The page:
Tuesday, August 23, 2011

Klebsiella species

Klebsiella are Gram-negative straight rods about 1-2 µm long and 0.5-0.8 µm wide, with parallel or bulging sides and rounded or slightly pointed ends. The cells are either in pairs end to end or are arranged singly. They are characteristically non-motile and capsulate. This results in the precipitation of complex inorganic salts and flourishing of some bacterial spp. (Clegg and Sebghatti, 2002).

Nosocomial Klebsiella infections are caused mainly by K. pneumoniae, the medically most important species of the genus. To a much leeser degree, K. oxytoca has been isolated from human clinical specimens. It is estimated that Klebsiella species cause 8% of all nosocomial bacterial infections in the United States and in Europe. No great geographical variations in frequency have been noted (Podschun and Ullmann, 1998).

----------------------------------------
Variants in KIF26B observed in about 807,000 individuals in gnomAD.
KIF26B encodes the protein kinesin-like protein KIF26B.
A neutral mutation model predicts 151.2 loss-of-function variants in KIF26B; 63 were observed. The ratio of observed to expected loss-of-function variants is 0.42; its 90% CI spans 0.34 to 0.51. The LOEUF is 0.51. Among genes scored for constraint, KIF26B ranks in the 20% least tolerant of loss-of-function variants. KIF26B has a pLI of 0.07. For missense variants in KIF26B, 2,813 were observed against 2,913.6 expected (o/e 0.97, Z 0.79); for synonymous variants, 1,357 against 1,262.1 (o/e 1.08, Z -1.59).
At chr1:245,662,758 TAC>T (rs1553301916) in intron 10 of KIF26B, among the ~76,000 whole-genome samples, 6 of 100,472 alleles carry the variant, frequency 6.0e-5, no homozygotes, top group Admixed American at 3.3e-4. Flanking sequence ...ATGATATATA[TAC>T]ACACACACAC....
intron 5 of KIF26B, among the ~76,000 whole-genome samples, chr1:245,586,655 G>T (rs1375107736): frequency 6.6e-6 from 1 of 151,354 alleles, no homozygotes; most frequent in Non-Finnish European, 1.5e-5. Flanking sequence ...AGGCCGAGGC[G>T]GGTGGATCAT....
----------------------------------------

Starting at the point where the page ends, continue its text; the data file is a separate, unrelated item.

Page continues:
Klebsiella spp. are the second frequently isolated pathogen from different types of nosocomial infections. Klebsiella spp. Are preceded by
E. coli in case of urinary tract infection. On the other types (surgical wound,
pneumonia and septicemia) they are preceded by Staphylococcus aureus
(Lee and Bishop, 1997).

The Gram-negative bacteria of the genera Klebsiella, Enterobacter, and Serratia are important opportunistic pathogens, commonly isolated from
urinary tract infections, nosocomial pneumonia, surgical wounds, and blood
stream infections, mostly in intensive care unit patients. The majority of the
strains involved are highly resistant to an increasing number of antibiotics, as shown by the emergence of several extended spectrum β-lactamases in Klebsiella species nosocomial isolates (Livrelli et al., 1996).

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